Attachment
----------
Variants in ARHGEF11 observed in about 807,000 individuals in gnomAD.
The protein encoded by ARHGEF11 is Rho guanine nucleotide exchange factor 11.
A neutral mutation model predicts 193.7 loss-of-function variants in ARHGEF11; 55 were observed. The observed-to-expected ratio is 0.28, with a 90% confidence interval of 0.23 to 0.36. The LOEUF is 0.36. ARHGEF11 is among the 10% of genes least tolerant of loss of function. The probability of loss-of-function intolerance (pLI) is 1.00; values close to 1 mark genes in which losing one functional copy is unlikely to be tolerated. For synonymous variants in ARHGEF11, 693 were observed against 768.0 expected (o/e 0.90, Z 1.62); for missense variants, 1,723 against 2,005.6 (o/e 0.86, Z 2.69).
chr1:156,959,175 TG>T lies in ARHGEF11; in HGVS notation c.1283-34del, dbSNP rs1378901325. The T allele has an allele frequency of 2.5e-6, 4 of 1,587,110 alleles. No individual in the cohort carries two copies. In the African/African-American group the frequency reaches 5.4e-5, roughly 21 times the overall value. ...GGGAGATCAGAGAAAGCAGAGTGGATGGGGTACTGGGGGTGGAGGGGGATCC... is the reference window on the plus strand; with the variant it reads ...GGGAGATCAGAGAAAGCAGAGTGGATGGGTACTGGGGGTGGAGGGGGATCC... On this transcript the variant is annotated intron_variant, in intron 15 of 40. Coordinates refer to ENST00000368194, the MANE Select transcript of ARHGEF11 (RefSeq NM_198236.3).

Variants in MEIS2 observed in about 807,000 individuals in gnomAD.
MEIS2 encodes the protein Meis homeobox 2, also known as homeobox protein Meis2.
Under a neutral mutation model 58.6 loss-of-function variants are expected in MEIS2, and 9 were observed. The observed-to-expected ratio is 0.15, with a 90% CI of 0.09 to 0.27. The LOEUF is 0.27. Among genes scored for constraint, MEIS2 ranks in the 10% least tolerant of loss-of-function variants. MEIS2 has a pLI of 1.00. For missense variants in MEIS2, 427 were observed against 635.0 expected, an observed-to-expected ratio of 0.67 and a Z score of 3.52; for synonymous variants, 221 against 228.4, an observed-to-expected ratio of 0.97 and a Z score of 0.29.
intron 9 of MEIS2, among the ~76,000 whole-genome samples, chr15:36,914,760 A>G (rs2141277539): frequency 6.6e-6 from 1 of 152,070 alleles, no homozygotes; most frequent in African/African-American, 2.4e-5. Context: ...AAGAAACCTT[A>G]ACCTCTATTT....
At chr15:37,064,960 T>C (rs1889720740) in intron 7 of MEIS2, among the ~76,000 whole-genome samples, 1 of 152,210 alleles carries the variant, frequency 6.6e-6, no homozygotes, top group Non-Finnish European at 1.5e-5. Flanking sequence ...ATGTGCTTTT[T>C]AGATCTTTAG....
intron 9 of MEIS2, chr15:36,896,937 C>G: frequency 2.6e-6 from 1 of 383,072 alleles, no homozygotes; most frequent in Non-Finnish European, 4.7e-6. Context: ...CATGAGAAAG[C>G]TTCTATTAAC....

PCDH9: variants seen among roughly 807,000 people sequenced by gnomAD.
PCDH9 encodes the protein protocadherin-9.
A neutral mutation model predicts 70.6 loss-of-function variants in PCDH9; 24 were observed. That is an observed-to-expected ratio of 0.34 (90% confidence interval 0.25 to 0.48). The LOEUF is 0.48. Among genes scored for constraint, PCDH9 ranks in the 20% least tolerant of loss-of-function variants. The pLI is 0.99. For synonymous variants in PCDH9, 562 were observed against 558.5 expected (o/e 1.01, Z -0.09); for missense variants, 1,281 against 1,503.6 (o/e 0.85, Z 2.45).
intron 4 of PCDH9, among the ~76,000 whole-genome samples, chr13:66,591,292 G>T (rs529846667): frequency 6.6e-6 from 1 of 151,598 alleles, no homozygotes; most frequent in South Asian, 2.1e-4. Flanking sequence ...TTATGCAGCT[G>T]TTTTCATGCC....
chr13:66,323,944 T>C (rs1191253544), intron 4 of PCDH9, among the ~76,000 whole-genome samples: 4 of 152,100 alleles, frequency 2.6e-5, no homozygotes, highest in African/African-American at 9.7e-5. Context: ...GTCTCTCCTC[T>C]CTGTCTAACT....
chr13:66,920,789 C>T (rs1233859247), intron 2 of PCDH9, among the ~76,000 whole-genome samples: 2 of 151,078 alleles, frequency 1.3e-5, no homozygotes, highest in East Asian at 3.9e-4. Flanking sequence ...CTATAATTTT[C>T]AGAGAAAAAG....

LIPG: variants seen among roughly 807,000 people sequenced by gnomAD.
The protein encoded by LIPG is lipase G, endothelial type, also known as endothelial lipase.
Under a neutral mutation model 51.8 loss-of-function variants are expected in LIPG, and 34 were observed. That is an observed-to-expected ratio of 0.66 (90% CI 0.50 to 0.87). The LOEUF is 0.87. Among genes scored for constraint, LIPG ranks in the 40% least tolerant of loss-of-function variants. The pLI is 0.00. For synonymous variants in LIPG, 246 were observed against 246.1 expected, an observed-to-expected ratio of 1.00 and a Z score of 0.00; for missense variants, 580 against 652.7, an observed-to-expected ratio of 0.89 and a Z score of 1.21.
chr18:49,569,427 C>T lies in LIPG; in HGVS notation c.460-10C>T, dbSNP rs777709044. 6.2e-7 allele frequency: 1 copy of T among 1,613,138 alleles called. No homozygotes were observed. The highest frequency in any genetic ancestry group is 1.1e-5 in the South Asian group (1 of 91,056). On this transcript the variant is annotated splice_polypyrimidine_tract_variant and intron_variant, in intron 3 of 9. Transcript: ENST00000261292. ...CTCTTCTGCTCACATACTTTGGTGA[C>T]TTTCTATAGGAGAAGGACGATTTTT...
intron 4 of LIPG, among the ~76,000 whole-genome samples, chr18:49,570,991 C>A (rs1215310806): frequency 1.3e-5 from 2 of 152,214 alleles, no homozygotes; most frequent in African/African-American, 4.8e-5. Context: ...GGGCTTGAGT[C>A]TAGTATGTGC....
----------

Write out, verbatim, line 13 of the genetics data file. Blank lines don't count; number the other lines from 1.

A neutral mutation model predicts 70.6 loss-of-function variants in PCDH9; 24 were observed. That is an observed-to-expected ratio of 0.34 (90% confidence interval 0.25 to 0.48). The LOEUF is 0.48. Among genes scored for constraint, PCDH9 ranks in the 20% least tolerant of loss-of-function variants. The pLI is 0.99. For synonymous variants in PCDH9, 562 were observed against 558.5 expected (o/e 1.01, Z -0.09); for missense variants, 1,281 against 1,503.6 (o/e 0.85, Z 2.45).